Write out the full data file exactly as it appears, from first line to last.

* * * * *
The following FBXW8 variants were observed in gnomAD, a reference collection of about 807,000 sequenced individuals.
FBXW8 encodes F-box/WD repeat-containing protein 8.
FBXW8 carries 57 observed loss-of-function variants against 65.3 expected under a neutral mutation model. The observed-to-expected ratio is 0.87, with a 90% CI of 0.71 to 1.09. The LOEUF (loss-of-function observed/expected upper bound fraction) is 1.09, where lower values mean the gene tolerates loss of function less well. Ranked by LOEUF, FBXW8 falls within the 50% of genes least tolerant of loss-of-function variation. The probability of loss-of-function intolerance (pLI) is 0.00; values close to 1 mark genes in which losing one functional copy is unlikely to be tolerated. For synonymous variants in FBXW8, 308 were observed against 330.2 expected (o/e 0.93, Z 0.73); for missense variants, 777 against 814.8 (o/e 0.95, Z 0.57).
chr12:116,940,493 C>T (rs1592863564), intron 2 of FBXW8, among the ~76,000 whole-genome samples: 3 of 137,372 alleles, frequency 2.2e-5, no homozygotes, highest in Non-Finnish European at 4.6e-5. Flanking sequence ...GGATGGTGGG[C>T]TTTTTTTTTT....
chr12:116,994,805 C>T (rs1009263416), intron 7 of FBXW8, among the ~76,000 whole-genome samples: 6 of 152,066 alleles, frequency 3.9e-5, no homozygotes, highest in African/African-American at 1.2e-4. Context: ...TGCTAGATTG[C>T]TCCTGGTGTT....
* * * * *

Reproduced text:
The following FBXW8 variants were observed in gnomAD, a reference collection of about 807,000 sequenced individuals.
FBXW8 encodes F-box/WD repeat-containing protein 8.
FBXW8 carries 57 observed loss-of-function variants against 65.3 expected under a neutral mutation model. The observed-to-expected ratio is 0.87, with a 90% CI of 0.71 to 1.09. The LOEUF (loss-of-function observed/expected upper bound fraction) is 1.09, where lower values mean the gene tolerates loss of function less well. Ranked by LOEUF, FBXW8 falls within the 50% of genes least tolerant of loss-of-function variation. The probability of loss-of-function intolerance (pLI) is 0.00; values close to 1 mark genes in which losing one functional copy is unlikely to be tolerated. For synonymous variants in FBXW8, 308 were observed against 330.2 expected (o/e 0.93, Z 0.73); for missense variants, 777 against 814.8 (o/e 0.95, Z 0.57).
chr12:116,940,493 C>T (rs1592863564), intron 2 of FBXW8, among the ~76,000 whole-genome samples: 3 of 137,372 alleles, frequency 2.2e-5, no homozygotes, highest in Non-Finnish European at 4.6e-5. Flanking sequence ...GGATGGTGGG[C>T]TTTTTTTTTT....
chr12:116,994,805 C>T (rs1009263416), intron 7 of FBXW8, among the ~76,000 whole-genome samples: 6 of 152,066 alleles, frequency 3.9e-5, no homozygotes, highest in African/African-American at 1.2e-4. Context: ...TGCTAGATTG[C>T]TCCTGGTGTT....